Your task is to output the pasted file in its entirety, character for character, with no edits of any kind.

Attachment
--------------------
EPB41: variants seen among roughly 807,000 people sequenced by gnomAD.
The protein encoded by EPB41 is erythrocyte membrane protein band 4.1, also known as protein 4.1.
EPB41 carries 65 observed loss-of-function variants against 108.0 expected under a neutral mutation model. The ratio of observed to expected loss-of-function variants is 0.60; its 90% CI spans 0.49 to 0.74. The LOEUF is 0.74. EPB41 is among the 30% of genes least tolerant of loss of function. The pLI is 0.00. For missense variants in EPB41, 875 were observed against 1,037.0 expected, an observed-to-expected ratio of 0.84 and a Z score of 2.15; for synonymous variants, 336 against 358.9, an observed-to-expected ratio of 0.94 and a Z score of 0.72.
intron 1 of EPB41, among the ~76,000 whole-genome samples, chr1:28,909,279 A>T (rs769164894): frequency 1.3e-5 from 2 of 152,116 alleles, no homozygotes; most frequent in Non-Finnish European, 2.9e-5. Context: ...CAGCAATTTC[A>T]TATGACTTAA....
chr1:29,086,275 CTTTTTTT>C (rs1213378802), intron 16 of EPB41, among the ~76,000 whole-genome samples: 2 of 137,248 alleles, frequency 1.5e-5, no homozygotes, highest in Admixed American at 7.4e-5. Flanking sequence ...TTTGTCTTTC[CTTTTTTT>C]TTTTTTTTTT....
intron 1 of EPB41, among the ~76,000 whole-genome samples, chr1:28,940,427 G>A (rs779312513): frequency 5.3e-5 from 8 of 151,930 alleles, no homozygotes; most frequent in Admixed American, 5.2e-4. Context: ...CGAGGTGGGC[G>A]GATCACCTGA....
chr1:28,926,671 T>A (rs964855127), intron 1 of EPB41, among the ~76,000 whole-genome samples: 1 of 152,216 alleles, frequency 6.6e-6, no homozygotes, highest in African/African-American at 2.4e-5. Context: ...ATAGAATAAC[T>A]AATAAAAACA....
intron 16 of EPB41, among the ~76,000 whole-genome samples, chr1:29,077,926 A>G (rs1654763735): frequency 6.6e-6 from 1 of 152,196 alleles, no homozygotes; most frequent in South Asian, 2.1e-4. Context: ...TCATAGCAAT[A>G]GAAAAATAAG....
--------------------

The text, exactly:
EPB41: variants seen among roughly 807,000 people sequenced by gnomAD.
The protein encoded by EPB41 is erythrocyte membrane protein band 4.1, also known as protein 4.1.
EPB41 carries 65 observed loss-of-function variants against 108.0 expected under a neutral mutation model. The ratio of observed to expected loss-of-function variants is 0.60; its 90% CI spans 0.49 to 0.74. The LOEUF is 0.74. EPB41 is among the 30% of genes least tolerant of loss of function. The pLI is 0.00. For missense variants in EPB41, 875 were observed against 1,037.0 expected, an observed-to-expected ratio of 0.84 and a Z score of 2.15; for synonymous variants, 336 against 358.9, an observed-to-expected ratio of 0.94 and a Z score of 0.72.
intron 1 of EPB41, among the ~76,000 whole-genome samples, chr1:28,909,279 A>T (rs769164894): frequency 1.3e-5 from 2 of 152,116 alleles, no homozygotes; most frequent in Non-Finnish European, 2.9e-5. Context: ...CAGCAATTTC[A>T]TATGACTTAA....
chr1:29,086,275 CTTTTTTT>C (rs1213378802), intron 16 of EPB41, among the ~76,000 whole-genome samples: 2 of 137,248 alleles, frequency 1.5e-5, no homozygotes, highest in Admixed American at 7.4e-5. Flanking sequence ...TTTGTCTTTC[CTTTTTTT>C]TTTTTTTTTT....
intron 1 of EPB41, among the ~76,000 whole-genome samples, chr1:28,940,427 G>A (rs779312513): frequency 5.3e-5 from 8 of 151,930 alleles, no homozygotes; most frequent in Admixed American, 5.2e-4. Context: ...CGAGGTGGGC[G>A]GATCACCTGA....
chr1:28,926,671 T>A (rs964855127), intron 1 of EPB41, among the ~76,000 whole-genome samples: 1 of 152,216 alleles, frequency 6.6e-6, no homozygotes, highest in African/African-American at 2.4e-5. Context: ...ATAGAATAAC[T>A]AATAAAAACA....
intron 16 of EPB41, among the ~76,000 whole-genome samples, chr1:29,077,926 A>G (rs1654763735): frequency 6.6e-6 from 1 of 152,196 alleles, no homozygotes; most frequent in South Asian, 2.1e-4. Context: ...TCATAGCAAT[A>G]GAAAAATAAG....